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Clintonville school cancels drag-themed holiday event following planned Proud Boys protest

Proud Boy protest 12-3-22
Matthew Rand/NPR
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Members of the Proud Boys, a group known for hateful rhetoric against the LGBTQ community, protested a family-friendly story hour featuring performances from drag queens, that was scheduled to happen at the Red Oak Community School.

A fundraiser for a local, independent community school was canceled after a planned protest from a group known for hateful rhetoric against the LGBTQ community.

The event, a family-friendly story hour featuring performances from drag queens, was scheduled for Saturday morning at the Red Oak Community School.

This year, the event gained attention from a group with a presence in central Ohio that’s classified as extremist by the FBI and as a hate group by the Southern Poverty Law Center.

Known as the Proud Boys, the group made a post on social media indicating they were planning to protest at the event. The Proud Boys' post stated they expected the event to be “wild.” Columbus police also indicated they would have a presence at the event.

The school had planned to hold the event despite these rumblings, until, Saturday morning when they shared a message on social media announcing the event had been canceled.

School manager Cheryl Ryan said she had tried for a week to contact the Columbus Division of Police, leaving multiple voicemails about the threats they were receiving.

"After a week, I was told we could hire a special duty officer who may or may not show up because they're understaffed," she said.

Ryan also talked about what she called the "long documented and lived history of law enforcement doing harm to the LGBTQ community."

"In the end, our performers felt unsafe without a police presence. While our safety team felt unsafe with a police presence, we decided it was not safe to proceed and our read out planning group made the call to cancel," Ryan said.

The Columbus Division of Police issued the following statement:

The Columbus Division of Police is aware of a statement made earlier today about our involvement in the Holi-Drag Storytime event. Unfortunately, what was said about our involvement is incorrect.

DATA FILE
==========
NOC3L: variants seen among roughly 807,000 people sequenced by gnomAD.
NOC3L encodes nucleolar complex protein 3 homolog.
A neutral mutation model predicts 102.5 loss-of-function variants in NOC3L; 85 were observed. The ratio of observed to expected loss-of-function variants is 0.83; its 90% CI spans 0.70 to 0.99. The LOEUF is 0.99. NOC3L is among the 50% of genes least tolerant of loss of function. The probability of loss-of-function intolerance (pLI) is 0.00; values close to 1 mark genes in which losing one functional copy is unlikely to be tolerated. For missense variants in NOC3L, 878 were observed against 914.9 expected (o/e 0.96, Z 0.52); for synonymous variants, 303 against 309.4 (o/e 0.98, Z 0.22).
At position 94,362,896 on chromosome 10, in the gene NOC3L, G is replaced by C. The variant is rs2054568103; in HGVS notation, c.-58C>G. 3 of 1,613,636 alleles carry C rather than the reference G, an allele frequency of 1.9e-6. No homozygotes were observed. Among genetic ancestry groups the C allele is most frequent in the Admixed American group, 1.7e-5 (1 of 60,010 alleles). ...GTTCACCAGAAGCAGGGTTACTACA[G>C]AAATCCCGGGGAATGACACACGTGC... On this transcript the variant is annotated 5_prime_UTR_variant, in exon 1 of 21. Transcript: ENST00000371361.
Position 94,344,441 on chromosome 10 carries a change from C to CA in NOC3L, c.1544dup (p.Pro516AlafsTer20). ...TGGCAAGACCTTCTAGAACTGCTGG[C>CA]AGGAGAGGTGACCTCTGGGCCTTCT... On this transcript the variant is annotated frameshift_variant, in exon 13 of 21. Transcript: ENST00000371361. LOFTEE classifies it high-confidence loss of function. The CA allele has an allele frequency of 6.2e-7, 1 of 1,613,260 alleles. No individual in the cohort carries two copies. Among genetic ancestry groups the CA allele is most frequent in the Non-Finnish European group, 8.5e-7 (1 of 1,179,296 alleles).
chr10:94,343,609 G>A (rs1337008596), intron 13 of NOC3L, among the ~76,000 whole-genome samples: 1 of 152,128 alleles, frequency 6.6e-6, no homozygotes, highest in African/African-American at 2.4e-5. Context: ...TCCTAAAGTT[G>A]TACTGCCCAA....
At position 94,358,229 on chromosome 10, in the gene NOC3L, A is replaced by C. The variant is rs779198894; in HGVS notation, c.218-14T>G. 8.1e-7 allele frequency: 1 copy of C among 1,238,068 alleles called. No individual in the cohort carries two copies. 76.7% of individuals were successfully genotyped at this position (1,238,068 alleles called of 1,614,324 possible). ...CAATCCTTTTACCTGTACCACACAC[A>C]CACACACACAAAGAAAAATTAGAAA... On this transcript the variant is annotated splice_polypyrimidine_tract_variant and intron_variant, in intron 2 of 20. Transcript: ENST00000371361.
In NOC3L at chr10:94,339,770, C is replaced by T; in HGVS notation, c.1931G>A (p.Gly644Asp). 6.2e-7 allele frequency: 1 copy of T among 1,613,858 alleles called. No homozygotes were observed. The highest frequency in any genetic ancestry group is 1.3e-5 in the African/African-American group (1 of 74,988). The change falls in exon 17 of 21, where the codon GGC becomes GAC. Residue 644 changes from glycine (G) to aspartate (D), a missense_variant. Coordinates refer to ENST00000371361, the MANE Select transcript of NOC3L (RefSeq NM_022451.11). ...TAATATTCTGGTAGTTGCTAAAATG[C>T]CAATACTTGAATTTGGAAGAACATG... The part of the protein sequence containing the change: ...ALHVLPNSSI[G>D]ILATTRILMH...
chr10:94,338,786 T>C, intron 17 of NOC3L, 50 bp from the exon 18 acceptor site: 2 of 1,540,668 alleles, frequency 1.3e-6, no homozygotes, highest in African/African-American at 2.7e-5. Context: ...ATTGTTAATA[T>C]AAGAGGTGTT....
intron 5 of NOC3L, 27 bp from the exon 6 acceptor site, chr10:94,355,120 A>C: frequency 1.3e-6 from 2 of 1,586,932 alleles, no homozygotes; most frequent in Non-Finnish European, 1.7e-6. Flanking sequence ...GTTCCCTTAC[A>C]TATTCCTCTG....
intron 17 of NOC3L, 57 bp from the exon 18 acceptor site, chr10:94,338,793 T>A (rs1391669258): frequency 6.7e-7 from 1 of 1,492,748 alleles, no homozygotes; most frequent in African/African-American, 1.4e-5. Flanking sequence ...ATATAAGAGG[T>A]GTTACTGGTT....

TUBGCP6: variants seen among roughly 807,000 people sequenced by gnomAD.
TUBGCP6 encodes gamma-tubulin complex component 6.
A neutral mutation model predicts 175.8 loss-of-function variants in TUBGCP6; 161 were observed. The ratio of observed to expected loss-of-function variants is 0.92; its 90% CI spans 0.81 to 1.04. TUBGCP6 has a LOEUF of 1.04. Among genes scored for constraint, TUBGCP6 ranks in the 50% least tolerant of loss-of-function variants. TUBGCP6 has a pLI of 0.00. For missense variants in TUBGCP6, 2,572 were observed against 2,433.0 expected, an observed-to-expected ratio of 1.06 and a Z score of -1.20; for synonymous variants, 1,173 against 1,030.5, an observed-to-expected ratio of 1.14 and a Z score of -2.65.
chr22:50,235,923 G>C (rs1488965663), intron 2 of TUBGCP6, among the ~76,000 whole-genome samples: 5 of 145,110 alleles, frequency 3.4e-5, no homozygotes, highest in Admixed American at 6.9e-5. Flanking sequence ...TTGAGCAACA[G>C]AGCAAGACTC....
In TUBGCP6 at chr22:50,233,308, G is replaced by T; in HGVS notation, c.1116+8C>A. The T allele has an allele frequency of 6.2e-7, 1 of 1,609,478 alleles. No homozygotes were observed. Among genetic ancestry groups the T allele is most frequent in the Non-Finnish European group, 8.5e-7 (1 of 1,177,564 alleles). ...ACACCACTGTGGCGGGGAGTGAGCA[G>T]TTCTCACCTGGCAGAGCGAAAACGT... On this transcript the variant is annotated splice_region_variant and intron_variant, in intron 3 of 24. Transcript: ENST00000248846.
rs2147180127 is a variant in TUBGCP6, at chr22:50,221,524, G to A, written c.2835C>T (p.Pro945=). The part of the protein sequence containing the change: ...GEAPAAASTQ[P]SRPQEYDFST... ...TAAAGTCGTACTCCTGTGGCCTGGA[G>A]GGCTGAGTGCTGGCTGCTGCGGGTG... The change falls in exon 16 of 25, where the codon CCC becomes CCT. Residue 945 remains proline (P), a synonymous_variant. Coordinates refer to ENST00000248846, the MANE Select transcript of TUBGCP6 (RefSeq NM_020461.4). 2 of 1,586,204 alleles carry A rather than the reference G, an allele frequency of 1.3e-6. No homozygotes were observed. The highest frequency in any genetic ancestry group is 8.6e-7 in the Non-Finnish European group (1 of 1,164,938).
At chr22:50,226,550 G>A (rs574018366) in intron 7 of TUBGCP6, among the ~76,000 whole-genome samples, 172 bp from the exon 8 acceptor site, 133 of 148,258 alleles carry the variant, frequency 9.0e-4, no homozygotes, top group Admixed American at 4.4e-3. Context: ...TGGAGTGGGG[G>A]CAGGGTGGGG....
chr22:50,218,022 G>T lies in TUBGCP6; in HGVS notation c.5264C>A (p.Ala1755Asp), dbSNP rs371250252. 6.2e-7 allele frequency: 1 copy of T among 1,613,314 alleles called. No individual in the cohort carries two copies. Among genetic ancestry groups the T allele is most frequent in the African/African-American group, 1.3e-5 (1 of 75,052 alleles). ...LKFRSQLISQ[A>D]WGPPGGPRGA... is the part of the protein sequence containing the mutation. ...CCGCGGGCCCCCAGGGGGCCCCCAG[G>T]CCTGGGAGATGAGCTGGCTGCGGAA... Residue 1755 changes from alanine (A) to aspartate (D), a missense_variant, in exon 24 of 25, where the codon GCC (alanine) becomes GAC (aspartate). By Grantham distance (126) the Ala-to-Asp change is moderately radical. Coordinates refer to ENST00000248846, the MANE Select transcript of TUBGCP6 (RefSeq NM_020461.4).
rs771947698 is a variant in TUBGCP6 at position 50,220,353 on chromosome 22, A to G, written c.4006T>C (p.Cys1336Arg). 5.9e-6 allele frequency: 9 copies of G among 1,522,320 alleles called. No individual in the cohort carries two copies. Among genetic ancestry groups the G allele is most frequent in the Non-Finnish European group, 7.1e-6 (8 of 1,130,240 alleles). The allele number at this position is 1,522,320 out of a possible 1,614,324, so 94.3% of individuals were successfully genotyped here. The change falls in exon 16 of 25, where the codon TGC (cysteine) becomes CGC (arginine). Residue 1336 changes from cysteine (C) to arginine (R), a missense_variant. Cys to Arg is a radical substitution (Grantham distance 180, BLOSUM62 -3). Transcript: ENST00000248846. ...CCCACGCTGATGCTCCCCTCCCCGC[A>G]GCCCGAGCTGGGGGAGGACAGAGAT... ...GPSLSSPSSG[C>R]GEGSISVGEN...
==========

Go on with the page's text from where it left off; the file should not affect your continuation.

CPD learned about this event through Facebook and immediately reached out to the church and the school. A face-to-face meeting took place with all parties on November 18th to talk about the event and a safety plan. The school did request a special duty officer, but cancelled that request on the same day of the meeting.

During this week, CPD continued to communicate with the church, school, neighbors, and businesses in that area to inform them of our safety action plan. The school and church were consistently involved in those discussions through email and phone calls. CPD was told by the school that we could have plainclothes officers outside the event, but not inside the building for they had hired their own private security. CPD pulled together resources from several units to make sure we were present, including officers from our bike patrol and dialogue team. Even though the event was cancelled, we still had personnel and officers in the area to make sure all parties were safe.

The Columbus Division of Police protects all residents of the city equally. We have had several meetings with the LGBTQ community and continue to work together in partnership to make sure they feel supported and protected at all of their events.

More than 500 people bought in-person or live-streaming tickets to the event, which was scheduled to take place at the First Unitarian Universalist Church in Clintonville.

Jared Clayton Brown is excited to join the WOSU News team a decade into his journalism career, which has included stops in several markets including Louisville and Atlanta.
Matthew Rand is a reporter for 89.7 NPR News. Rand served as an interim producer during the pandemic for WOSU’s All Sides with Ann Fisher.